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Think carefully before leaving it in cash: Four fund ideas for Woodford investors

Posted by Adrian Lowcock in Press releases category on 10 Jan 20


After over 7 months the LF Equity Income fund, formerly known as the LF Woodford Equity Income fund, is due to begin selling investments and returning money to investors.  

Adrian Lowcock, Head of Personal Investing at Willis Owen warns against a knee-jerk reaction of leaving it in cash without considering what the money is for, and below gives investors four fund options to consider. 

Woodford Equity Income fund was seen by many investors as a core income holding. Now the question is what former Woodford investors should do with the proceeds. 

Mr Lowcock says: “Withdrawing the cash is one option and a perfectly understandable response given the issues investors have faced. However, it is important to think about what the money is for before investors make any decisions. 

“This option might be suitable for those who need the money soon or have decided that investing is too risky. The interest offered on most cash accounts is still very low and cash doesn’t offer any potential for significant growth. 

“There are plenty of excellent alternative UK equity income funds available for investors.” 

The UK equity income sector is a very competitive place and is full of experienced fund managers. Currently, the UK market is full of companies with high dividend yields presenting plenty of opportunities for income seekers, and the potential for growth.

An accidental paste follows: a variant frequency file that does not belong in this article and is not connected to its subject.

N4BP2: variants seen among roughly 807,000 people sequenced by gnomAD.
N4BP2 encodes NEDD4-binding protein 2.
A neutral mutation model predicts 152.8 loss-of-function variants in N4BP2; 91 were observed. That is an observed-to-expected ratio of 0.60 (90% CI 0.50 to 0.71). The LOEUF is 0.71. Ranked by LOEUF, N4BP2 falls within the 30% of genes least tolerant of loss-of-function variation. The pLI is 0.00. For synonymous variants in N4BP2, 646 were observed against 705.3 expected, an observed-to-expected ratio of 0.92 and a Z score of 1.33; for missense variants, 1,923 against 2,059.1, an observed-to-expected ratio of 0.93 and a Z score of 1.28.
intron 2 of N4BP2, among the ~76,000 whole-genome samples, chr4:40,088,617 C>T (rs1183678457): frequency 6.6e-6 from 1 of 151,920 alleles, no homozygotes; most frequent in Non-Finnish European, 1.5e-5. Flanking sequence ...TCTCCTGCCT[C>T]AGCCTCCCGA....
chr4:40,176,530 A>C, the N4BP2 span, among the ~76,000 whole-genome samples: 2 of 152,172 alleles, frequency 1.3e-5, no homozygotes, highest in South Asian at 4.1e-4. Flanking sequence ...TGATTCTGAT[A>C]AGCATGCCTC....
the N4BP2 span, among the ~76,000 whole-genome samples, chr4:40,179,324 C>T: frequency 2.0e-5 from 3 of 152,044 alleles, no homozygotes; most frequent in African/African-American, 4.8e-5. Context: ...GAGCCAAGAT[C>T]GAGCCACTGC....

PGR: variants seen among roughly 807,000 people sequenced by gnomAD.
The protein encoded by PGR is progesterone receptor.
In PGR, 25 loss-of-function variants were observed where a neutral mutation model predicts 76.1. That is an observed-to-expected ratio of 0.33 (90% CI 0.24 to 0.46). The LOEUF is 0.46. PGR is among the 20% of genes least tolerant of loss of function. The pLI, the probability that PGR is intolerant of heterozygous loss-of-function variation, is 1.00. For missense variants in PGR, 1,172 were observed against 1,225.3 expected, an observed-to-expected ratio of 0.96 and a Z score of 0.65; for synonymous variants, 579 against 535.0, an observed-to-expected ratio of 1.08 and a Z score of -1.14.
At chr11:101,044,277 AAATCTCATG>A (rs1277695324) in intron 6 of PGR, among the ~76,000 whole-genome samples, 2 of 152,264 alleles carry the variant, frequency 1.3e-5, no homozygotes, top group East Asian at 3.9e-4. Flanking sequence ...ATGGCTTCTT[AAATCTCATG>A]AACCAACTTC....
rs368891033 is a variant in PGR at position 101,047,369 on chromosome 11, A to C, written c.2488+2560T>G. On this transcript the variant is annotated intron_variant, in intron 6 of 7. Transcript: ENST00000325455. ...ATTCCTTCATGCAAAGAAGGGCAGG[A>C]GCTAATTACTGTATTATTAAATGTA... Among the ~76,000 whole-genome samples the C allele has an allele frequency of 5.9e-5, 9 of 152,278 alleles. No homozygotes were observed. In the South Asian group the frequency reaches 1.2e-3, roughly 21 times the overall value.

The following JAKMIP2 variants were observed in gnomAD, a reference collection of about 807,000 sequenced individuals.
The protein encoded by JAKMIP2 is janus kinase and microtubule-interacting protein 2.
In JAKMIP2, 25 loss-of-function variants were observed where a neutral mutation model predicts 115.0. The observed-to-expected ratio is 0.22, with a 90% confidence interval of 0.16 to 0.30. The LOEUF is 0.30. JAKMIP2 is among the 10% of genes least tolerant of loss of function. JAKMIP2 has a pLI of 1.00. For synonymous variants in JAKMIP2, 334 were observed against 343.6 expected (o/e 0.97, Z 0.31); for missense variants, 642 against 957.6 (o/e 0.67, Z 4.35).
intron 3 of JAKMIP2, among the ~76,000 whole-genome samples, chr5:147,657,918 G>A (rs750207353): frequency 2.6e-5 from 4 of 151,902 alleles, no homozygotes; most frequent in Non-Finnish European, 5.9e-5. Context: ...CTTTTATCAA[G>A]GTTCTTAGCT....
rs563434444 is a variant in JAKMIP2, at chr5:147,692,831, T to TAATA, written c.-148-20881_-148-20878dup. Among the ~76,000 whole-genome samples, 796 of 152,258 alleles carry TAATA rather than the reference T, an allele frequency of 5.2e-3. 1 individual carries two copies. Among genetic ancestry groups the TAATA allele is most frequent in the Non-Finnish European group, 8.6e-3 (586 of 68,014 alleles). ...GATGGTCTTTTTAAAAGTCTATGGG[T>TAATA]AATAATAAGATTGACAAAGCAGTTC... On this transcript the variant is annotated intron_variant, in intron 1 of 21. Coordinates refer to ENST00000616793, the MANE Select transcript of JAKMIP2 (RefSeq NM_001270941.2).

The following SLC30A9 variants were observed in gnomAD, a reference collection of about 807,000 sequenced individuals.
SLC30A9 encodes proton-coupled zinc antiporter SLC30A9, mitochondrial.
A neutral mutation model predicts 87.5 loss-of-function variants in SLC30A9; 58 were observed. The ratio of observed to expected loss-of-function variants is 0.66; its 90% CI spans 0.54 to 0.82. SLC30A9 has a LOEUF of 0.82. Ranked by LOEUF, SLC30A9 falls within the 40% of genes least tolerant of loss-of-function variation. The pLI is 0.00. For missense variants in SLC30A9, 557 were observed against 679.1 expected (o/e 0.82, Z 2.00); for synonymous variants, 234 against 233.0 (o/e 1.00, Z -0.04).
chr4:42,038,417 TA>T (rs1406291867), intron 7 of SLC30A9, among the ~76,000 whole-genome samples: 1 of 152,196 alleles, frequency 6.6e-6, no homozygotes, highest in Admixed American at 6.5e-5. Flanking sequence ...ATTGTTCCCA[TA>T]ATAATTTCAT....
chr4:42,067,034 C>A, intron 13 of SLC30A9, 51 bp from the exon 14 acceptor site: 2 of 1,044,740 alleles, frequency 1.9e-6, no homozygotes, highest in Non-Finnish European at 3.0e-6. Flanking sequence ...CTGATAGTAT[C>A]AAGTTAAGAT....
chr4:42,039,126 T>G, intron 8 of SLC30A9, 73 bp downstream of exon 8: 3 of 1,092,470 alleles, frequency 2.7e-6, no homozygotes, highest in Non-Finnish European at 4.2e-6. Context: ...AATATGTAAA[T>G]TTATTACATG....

When investing it is important to make sure your investments are diversified across several different sectors, countries, asset classes and funds to help reduce risk.

Below we look at some of Willis Owen’s favoured UK equity income funds and a global one that we believe could be a good home for a former Woodford investor’s cash.

Threadneedle UK Equity Income - Richard Colwell is one of the best-known specialists in this sector. He runs a flexible fund to deliver a steady income along with some capital growth.  

The primary focus is on stock selection and at its core, the fund holds a blend of larger high-quality companies with strong cash generation which are expected to pay consistent dividends. This is complemented by out-of-favour companies with recovery potential, some of which may not currently pay a dividend.  

The fund predominantly invests in large blue-chip companies although Colwell will take significant sector bets against the index to match his thematic views.

We consider this a mainstream equity income fund run by a very experienced manager which could be suitable for most income portfolios. It aims to pay a high and growing income, as well as some long-term investment growth. Unlike some peers, Richard Colwell doesn’t invest outside the UK.

Franklin UK Equity Income - Veteran income fund manager Colin Morton aims to provide steady incremental growth. Morton’s process blends his views on the outlook of the economy and stock market with a valuation-aware approach to stockpicking.